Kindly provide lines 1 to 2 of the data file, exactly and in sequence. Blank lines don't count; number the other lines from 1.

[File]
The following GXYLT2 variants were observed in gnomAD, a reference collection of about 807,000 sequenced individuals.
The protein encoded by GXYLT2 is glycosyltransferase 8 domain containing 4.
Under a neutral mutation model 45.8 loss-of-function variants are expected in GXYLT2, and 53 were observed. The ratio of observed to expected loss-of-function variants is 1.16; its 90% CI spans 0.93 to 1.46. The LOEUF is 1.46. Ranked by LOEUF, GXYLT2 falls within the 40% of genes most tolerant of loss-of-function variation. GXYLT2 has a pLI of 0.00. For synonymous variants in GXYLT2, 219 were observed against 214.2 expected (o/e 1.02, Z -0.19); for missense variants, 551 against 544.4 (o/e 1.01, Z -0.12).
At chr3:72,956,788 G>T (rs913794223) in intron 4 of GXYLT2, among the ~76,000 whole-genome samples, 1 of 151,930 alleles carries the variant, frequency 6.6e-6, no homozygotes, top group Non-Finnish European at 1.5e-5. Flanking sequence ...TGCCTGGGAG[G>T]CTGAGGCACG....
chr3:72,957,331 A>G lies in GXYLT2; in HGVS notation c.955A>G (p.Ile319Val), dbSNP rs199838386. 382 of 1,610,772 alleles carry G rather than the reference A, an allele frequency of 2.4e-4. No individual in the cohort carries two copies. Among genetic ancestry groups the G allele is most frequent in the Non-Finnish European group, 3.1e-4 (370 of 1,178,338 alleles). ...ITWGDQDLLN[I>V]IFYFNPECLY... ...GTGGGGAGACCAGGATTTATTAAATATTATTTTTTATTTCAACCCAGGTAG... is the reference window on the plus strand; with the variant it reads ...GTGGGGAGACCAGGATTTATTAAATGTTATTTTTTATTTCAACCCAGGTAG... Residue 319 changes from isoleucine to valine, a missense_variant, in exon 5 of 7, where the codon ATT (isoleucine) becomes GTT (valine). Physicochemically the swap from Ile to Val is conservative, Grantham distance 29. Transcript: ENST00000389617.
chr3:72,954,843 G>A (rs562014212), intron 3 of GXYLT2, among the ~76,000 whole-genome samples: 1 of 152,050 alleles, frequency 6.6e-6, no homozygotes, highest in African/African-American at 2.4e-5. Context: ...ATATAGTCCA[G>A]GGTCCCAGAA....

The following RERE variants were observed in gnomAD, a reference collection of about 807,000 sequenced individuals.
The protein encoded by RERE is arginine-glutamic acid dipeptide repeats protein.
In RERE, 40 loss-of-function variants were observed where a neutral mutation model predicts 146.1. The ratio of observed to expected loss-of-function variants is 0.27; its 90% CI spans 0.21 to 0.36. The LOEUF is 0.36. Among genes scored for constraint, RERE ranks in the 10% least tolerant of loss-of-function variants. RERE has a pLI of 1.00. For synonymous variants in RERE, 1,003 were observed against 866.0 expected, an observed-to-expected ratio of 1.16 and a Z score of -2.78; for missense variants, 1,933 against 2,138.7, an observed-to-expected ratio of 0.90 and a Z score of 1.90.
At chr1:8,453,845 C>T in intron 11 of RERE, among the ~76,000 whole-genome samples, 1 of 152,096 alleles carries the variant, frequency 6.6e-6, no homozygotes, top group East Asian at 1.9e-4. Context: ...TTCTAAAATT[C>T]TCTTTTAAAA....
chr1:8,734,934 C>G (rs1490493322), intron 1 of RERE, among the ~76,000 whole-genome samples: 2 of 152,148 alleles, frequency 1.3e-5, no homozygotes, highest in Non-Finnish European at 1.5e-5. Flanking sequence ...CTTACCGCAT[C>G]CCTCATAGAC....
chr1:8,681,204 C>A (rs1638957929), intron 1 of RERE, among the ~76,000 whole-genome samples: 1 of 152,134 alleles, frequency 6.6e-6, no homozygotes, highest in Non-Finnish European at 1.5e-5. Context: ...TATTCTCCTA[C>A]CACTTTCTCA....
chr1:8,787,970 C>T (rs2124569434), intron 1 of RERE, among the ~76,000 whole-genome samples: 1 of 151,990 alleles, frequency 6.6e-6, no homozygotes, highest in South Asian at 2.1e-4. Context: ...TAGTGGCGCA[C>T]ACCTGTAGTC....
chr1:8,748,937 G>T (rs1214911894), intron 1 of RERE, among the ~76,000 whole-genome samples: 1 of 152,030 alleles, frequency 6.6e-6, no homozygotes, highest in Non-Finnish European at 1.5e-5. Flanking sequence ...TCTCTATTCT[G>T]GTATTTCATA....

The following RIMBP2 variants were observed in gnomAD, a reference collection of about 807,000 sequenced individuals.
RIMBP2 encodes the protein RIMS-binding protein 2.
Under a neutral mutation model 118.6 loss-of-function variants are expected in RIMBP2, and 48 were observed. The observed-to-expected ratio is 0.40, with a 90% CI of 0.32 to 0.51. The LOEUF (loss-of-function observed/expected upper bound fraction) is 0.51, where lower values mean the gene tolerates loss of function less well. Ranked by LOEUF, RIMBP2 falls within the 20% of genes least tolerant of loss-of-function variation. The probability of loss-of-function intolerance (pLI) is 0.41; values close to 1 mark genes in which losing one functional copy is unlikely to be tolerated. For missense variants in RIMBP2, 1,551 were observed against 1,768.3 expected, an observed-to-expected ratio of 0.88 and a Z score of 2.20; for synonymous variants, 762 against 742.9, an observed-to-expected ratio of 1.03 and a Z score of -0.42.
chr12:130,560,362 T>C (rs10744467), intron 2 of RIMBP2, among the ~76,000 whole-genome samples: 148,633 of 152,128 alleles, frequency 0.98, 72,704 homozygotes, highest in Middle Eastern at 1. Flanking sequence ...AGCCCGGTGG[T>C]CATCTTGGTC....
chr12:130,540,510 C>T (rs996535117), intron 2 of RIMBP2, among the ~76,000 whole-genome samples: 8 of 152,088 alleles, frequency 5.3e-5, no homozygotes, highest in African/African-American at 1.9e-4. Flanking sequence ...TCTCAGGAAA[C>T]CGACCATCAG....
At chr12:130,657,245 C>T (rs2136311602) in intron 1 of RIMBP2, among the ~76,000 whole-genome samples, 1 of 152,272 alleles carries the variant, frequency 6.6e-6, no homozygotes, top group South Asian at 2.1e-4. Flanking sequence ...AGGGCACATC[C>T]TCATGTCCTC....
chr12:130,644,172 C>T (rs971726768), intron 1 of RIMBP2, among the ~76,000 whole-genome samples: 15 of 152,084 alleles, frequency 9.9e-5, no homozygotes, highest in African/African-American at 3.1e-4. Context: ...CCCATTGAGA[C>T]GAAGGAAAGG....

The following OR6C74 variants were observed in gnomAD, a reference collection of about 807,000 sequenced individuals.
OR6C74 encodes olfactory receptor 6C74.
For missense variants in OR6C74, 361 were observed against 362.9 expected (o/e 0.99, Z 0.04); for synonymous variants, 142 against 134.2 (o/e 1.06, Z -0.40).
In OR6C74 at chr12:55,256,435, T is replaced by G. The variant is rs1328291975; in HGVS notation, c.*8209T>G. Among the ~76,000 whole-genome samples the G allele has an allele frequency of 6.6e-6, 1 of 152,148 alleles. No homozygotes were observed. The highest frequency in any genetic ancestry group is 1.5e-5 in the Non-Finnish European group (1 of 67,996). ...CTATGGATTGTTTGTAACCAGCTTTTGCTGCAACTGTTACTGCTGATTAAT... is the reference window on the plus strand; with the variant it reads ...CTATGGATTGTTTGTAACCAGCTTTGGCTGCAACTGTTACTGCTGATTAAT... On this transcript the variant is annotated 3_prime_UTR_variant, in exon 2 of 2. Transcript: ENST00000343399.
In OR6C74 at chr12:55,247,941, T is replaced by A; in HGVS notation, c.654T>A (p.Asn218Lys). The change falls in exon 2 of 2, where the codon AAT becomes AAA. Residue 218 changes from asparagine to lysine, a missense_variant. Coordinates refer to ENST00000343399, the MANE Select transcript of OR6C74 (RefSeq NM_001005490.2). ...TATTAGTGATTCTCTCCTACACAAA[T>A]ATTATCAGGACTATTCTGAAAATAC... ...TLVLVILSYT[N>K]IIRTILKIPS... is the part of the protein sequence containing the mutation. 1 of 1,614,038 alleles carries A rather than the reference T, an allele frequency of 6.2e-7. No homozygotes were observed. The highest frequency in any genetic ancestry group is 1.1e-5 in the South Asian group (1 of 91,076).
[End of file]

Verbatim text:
The following GXYLT2 variants were observed in gnomAD, a reference collection of about 807,000 sequenced individuals.
The protein encoded by GXYLT2 is glycosyltransferase 8 domain containing 4.